For the past month we have been on holiday back in the UK, staying with family in the south of England and Scotland. We have spent some glorious summer days exploring and sightseeing, but I must admit that after four weeks away, I am beginning to miss our little family home in Dubai. Don’t get me wrong, I have loved spending time with our families, catching up with friends and being spoiled rotten by our enthusiastic mums. It’s just that I am a self-confessed homebody, and no matter how fun the holiday, there comes a time when I just want to get back to my own home and do my own thing. With a long list of new organising projects.
You see, whilst visiting some of the country’s finest castles, of which we have seen quite a few this holiday, I have been inspired by our ancestors’ organisational skills. Castles in particular – centres of local government and bustling centres of activity – started me thinking about the lessons that we can learn to organise our somewhat smaller homes today.
Typically, a castle would house a community of hundreds, from the noble family itself, to the servants and soldiers that worked for them, led by teams of professionals such as cooks, gardeners, priests and accountants. Organisation was key to making a castle run smoothly, and I started thinking about some examples that we can carry forward to our own lives today.
A place for everything and everything in its place: With so many people living and working in a castle’s close quarters, there was no room for clutter. Everything had a place, and in many of the castles that we visited this summer, we could still see remnants of shelving and alcoves.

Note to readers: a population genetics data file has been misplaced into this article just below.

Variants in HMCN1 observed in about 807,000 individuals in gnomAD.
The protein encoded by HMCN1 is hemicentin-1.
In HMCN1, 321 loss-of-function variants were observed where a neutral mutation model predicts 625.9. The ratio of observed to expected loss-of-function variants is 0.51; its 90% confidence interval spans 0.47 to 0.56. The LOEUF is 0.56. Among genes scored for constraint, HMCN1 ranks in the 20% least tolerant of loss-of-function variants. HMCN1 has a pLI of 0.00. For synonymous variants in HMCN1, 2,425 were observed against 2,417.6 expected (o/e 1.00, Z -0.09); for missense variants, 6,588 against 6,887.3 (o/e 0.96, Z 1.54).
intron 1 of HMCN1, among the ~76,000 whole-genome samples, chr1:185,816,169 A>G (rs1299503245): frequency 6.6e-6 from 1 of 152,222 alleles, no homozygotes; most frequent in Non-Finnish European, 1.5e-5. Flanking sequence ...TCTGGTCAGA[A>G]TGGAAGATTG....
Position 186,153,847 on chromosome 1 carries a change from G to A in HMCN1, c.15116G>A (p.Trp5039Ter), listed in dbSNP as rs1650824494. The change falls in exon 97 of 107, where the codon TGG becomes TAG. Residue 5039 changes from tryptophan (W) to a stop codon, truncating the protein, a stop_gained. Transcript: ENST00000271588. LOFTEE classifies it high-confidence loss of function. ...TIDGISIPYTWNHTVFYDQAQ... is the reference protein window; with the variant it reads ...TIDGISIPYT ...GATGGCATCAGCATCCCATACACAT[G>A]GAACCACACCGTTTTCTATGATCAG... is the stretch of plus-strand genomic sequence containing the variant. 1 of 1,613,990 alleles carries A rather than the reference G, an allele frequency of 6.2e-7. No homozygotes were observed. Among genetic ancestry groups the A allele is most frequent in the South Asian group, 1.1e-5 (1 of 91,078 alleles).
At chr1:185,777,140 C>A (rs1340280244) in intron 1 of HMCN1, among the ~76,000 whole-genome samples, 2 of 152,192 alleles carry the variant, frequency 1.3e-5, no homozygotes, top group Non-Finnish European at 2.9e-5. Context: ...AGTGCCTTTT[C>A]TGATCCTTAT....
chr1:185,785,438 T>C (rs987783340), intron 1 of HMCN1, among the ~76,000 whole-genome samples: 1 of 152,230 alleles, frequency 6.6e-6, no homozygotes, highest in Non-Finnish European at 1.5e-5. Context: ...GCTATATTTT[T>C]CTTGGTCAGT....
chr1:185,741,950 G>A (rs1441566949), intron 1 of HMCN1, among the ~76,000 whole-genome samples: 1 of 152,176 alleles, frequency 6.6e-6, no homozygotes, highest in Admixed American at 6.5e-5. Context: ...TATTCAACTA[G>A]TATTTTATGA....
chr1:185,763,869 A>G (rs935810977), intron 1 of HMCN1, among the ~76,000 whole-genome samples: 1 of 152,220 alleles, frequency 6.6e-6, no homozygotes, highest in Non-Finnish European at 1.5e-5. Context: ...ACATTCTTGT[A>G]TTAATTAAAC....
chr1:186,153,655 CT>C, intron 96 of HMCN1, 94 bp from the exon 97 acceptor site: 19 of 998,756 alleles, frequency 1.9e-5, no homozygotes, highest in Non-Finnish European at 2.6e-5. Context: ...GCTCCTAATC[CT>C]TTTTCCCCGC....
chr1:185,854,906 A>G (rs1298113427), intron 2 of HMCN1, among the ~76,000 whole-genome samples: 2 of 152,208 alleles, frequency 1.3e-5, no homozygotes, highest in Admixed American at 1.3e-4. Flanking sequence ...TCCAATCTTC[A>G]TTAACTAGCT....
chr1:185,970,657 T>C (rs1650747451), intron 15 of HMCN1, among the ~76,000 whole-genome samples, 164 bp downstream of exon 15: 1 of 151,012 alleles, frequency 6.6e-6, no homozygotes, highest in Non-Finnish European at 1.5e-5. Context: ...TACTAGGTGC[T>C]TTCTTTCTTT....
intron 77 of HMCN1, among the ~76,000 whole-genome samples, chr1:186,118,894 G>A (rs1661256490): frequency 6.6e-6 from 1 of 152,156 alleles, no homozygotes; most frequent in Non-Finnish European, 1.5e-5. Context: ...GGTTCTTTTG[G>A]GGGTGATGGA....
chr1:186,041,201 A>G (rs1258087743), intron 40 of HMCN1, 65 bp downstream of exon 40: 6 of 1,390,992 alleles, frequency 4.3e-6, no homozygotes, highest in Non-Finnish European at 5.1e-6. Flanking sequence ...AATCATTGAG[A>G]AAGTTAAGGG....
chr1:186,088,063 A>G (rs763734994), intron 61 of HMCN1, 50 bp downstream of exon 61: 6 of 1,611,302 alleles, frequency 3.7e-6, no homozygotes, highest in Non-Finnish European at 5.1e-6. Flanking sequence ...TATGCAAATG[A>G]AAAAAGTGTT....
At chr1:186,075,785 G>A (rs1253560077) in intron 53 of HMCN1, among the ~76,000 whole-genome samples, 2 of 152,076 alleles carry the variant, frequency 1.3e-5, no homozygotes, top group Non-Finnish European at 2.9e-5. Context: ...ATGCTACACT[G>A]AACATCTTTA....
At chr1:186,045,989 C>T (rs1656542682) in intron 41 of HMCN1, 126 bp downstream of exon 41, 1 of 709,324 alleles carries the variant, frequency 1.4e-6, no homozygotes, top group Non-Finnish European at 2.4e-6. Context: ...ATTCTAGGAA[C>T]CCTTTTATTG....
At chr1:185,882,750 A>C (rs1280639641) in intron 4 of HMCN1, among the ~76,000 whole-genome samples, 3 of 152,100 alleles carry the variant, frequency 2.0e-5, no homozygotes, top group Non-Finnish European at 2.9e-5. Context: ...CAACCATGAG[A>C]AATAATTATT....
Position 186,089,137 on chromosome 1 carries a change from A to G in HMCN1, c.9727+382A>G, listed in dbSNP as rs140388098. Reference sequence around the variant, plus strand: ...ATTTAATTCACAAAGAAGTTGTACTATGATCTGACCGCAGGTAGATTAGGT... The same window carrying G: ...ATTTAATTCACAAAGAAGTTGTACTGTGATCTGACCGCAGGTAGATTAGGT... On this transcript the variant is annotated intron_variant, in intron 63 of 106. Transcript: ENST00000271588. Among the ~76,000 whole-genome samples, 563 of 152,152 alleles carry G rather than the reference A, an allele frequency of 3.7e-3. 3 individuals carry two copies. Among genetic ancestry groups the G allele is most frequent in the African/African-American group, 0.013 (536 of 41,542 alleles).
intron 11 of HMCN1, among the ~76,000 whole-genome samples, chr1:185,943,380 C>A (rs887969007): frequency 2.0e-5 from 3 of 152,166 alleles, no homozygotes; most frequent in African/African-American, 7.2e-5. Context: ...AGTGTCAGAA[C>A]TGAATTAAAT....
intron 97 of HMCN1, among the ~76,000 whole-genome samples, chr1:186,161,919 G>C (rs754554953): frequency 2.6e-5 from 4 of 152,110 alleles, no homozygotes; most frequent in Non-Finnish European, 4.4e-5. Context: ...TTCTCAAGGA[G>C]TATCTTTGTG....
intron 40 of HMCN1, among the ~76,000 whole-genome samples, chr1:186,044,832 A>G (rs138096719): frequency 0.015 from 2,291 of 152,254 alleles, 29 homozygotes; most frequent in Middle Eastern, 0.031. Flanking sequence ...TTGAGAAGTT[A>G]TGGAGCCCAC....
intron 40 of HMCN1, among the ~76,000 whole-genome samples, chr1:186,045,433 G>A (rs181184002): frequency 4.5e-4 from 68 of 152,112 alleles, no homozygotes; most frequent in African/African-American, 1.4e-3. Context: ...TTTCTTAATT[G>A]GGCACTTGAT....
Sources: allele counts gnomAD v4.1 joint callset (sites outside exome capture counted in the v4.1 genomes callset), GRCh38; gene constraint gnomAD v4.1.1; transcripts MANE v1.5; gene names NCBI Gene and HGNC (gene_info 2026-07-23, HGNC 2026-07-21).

If you can’t stand the heat… In all the castles we visited, I was particularly fascinated by the vast kitchens. As well as the actual room where the food was prepared, there are typically two other rooms on either side of a castle kitchen. The pantry (from the French “pain” – bread) was were the food was stored, and the buttery where the bottles, barrels (“butts”) of wine and beer were kept, under the watchful eye of the butler. In the days before refrigeration, this kept the food and drink cool and away from the fires and ranges of the kitchen, and helped to organise the provisions so that nothing was wasted. All three rooms were typically placed side by side, across from the Great Hall – the perfect layout for providing for a castle full of people and their guests.
Fold it away: Centuries before Marie Kondo encouraged us to fold our T-shirts into neat drawers, our ancestors were storing their clothing in chests. It was only later on, in the homes of nobility, that rooms were given over to the storing of clothes and the modern garderobe or wardrobe (to guard or ward robes) was born. We can take a note of both the clothing chest and Marie Kondo ourselves, and look for items of clothing that can be better stored in drawers and baskets to free up valuable hanging space in our own closets!
The time has come to leave the castles of the UK behind, as we begin our journey home to Dubai. I am excited to get back and start planning some more organising projects, taking on board some of the things that we have learned in our summer adventures. We may only live in a modest rental, but my home is definitely my castle, and I can’t wait to get back to it!